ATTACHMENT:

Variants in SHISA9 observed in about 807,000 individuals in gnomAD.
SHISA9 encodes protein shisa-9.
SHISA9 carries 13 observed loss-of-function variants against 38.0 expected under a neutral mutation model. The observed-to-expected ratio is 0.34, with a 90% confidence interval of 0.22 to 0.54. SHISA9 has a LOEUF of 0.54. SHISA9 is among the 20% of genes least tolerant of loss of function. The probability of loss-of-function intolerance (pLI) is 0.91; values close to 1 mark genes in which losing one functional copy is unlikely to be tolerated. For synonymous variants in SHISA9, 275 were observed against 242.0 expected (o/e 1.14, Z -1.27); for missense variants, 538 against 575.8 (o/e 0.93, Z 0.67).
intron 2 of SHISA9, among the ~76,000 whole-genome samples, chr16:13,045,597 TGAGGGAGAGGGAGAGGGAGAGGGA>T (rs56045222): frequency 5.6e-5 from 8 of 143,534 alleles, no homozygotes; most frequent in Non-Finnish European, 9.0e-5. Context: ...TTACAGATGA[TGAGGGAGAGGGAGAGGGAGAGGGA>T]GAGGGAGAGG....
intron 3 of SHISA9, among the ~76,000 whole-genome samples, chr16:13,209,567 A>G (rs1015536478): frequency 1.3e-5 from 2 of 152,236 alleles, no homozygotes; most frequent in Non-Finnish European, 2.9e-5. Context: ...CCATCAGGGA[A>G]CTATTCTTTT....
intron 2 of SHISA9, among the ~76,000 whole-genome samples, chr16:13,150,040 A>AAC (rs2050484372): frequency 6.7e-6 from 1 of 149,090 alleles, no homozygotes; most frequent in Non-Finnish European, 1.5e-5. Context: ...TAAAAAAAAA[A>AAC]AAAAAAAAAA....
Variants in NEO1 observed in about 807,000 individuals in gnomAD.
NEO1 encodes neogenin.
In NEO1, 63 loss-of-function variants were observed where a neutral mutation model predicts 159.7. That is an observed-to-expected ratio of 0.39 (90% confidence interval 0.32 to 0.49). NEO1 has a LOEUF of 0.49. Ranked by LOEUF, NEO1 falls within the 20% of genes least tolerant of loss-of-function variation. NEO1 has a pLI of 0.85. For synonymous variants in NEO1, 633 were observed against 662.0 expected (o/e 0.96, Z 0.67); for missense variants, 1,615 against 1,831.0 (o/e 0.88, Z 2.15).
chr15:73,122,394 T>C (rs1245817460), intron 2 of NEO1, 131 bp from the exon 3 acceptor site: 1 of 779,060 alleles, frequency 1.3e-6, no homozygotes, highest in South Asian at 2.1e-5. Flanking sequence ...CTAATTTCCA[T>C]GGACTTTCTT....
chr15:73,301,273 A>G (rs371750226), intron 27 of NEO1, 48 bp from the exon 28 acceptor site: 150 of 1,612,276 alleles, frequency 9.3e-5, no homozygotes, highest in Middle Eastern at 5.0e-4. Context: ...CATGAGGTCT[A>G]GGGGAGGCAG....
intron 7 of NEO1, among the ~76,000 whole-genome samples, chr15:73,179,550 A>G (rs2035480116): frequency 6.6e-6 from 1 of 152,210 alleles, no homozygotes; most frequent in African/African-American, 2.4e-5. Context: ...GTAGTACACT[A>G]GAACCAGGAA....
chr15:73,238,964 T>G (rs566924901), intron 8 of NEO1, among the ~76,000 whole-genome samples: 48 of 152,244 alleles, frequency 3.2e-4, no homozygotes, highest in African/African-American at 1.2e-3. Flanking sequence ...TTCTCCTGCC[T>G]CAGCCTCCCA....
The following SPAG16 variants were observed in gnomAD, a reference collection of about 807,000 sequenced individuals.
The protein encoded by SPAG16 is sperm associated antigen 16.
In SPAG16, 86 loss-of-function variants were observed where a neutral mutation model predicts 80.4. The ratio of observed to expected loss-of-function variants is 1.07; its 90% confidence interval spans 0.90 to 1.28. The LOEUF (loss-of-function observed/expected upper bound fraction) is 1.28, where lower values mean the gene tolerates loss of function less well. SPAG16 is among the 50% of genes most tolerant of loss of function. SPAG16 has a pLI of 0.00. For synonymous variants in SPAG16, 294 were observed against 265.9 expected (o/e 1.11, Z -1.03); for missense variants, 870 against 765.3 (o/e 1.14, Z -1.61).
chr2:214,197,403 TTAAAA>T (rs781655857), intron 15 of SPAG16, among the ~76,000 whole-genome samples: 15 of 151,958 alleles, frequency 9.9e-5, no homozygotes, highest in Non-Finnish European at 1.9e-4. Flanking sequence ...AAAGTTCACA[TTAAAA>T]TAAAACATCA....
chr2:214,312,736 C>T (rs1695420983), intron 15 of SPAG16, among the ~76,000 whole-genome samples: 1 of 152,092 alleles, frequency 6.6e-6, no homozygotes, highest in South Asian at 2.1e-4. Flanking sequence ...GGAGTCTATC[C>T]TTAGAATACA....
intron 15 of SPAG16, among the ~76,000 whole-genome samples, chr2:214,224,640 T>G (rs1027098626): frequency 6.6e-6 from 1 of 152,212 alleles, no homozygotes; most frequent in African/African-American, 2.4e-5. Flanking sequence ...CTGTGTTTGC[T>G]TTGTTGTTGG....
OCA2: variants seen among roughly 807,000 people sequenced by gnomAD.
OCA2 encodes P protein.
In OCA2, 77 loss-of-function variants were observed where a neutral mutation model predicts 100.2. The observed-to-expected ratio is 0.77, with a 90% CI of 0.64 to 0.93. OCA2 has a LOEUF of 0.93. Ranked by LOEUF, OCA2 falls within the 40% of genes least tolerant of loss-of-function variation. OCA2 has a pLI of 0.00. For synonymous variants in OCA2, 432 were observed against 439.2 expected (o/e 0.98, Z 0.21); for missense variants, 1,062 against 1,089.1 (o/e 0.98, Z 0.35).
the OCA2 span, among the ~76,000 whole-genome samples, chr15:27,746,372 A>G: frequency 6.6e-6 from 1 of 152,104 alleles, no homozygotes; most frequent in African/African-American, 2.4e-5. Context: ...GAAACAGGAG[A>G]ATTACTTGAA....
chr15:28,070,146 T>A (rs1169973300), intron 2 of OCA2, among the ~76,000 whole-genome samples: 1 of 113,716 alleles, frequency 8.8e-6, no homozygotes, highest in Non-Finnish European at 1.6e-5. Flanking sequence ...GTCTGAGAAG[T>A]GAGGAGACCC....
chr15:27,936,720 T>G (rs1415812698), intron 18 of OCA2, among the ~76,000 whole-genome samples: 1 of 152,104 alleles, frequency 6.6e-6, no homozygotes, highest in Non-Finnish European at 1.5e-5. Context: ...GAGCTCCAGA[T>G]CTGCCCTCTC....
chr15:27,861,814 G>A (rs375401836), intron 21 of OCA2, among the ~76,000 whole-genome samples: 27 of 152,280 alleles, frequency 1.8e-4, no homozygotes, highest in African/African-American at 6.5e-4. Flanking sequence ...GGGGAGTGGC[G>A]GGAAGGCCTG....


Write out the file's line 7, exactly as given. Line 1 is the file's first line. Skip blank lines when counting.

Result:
Variants in NEO1 observed in about 807,000 individuals in gnomAD.